The ice bar was also very nice. The counter and all the furniture are made from ice. The room looks very white when you are in there, but it is actually blue. So all the photos have people looking very blue in the face. The chairs are made from ice but have fur covers so it is quite comfortable to sit there.

Ice glasses
My ice cocktail

The ice glasses are cool (haha). They are a little bit inconvenient to drink from since they are so thick, but they give you a straw to drink through too, so no problem. The hot cocoa was very good, as expected since it is produced by the Royce chocolate company (which has a factory just outside Sweden Hills). All in all, it was a very nice place and I want to go back there again before the facility melts.

Hot cocoa comes with Royce chocolate
They recommended melting some of the chocolate in the cocoa to improve the experience of bot the cocoa and the chocolate.

Sunday, February 9, 2014

Susukino Ice Festival 2014


At the same time as the Sapporo Snow Festival, there is also a Susukino Ice Festival. In the middle of the main street of the Susukino Red Light/Entertainment district they put up lots of ice sculptures. These are usually very beautiful, but they are also usually the same shapes as last year.

There are also some illuminated tunnels and other things where you can take photos of yourself and your girlfriend in romantic settings. I was asked by several Japanese couples if I could take a picture of them (with their camera, of course). During the festivals when lots of tourists come to Sapporo people always speak (broken) English to me, which is a bit confusing at first, haha.

Photo Opportunity Spots


Ice animals and ice car to sit on
Me sitting on the ice car
Me sitting on an ice animal
Heart and Cinderella carriage to take romantic photos in
Not that romantic photo of me in the Cinderella thing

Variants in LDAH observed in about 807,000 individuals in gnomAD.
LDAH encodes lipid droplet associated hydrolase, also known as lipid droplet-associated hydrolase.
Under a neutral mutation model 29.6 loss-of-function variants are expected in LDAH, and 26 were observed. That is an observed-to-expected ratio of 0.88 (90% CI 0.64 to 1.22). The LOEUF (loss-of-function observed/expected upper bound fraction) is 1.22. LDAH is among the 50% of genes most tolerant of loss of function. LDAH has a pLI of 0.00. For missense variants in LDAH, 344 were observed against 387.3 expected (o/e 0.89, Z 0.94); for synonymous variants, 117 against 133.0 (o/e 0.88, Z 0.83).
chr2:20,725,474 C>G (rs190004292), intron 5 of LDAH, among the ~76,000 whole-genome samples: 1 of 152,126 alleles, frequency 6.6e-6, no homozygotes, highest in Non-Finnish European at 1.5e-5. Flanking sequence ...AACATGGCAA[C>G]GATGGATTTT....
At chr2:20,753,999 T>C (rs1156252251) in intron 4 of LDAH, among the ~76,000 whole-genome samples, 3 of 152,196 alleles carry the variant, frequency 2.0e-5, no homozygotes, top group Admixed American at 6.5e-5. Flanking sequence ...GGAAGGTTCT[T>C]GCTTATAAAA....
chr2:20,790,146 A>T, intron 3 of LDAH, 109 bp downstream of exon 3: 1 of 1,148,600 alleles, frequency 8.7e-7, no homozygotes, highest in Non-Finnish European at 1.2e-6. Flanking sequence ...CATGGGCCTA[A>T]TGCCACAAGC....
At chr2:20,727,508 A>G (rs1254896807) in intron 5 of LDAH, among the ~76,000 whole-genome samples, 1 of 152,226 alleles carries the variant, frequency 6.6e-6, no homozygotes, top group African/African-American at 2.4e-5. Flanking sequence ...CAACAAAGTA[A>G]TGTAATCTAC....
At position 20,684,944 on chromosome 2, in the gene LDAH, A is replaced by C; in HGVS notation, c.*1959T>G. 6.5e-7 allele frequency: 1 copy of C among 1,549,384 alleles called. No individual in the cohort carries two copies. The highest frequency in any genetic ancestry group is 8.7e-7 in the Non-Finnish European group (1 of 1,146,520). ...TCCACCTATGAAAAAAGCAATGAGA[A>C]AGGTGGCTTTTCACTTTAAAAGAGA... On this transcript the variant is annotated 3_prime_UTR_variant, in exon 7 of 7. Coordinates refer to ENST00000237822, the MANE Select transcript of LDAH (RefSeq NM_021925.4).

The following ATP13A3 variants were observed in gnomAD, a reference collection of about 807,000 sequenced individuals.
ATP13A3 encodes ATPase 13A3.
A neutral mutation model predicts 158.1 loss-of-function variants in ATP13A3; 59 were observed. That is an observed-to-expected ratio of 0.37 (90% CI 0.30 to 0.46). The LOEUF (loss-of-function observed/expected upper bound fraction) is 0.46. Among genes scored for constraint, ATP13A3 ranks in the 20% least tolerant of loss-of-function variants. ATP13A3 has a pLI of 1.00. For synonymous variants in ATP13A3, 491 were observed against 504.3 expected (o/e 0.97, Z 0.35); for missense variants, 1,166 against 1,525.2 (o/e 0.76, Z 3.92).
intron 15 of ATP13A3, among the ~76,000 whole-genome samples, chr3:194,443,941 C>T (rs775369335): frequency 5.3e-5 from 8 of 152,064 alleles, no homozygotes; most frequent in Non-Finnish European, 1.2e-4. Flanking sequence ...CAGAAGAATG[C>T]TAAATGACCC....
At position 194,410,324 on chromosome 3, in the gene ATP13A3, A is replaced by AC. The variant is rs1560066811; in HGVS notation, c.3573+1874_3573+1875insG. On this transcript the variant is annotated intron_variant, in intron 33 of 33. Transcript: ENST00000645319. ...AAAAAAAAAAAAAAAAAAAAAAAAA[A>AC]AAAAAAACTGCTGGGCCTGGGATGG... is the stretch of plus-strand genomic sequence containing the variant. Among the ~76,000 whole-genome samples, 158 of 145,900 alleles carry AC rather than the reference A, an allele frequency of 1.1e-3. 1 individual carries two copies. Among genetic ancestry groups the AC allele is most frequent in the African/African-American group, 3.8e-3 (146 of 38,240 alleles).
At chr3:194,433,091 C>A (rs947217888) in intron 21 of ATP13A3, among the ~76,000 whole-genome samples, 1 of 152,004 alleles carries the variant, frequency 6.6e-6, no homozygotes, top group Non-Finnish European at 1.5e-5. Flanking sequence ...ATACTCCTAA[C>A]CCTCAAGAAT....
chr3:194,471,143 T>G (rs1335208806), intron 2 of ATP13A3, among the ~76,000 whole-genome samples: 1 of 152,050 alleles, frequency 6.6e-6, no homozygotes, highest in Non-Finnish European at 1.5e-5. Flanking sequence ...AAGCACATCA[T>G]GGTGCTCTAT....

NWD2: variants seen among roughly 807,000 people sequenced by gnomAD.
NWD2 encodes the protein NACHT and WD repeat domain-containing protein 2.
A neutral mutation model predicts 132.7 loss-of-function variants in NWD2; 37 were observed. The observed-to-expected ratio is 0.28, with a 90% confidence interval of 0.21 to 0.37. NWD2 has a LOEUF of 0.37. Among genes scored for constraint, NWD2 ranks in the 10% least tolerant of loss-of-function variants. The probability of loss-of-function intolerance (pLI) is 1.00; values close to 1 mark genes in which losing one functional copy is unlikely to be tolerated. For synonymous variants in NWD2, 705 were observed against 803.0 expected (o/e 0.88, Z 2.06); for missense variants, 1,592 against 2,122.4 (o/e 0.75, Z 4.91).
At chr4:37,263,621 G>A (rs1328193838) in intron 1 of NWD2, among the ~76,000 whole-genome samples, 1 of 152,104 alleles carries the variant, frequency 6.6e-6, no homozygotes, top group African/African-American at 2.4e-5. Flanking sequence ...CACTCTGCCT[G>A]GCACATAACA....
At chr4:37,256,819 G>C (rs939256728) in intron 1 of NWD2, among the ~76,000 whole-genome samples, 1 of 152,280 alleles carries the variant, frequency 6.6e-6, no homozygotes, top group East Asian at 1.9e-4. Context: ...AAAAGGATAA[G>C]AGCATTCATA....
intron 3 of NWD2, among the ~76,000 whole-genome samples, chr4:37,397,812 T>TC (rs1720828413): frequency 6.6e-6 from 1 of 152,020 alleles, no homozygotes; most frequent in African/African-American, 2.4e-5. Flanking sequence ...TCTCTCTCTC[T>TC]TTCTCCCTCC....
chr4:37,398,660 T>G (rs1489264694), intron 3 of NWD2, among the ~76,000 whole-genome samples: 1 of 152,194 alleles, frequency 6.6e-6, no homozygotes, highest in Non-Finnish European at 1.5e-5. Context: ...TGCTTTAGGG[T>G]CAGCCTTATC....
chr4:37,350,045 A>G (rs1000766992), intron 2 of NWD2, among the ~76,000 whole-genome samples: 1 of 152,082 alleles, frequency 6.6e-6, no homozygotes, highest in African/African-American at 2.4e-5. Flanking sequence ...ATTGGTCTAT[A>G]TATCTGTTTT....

Sculptures


Sapporo Snow Festival 2014


The Sapporo Snow Festival has started again. This is one week with crazy amounts of tourists, and since I have to pass through the festival area to get to work it takes me 10 minutes longer than normal to commute. The festival has a few big snow sculptures, a huge amount of smaller (2x2x2 meters) sculptures, and tents selling festival food. There are also performances in front of some of the larger sculptures from time to time. There were slightly fewer big sculptures than last year.

Skate rink
Snow board jump slope

There is also a skate rink just under the Sapporo TV Tower, where you can borrow skates and skate around. Nearby, they also build a huge snow board and ski trick jumping slope.

Lots of tourists
People passing in front of lots of smaller snow sculptures

Since there are lots of tourists coming to Sapporo during the festival, during this week everyone (naturally) assumes I am a tourist too, since I am obviously not Japanese. This means lots of people come up to me and talk to me in English for various reasons. This year I was asked to answer a questionnaire about miso soup. "Have you ever tried miso soup before?" ... "Yes". If you manage to avoid miso soup for several years in Japan, you would have to be trying very hard, I think, haha.

Selfie in front of one of the smaller sculptures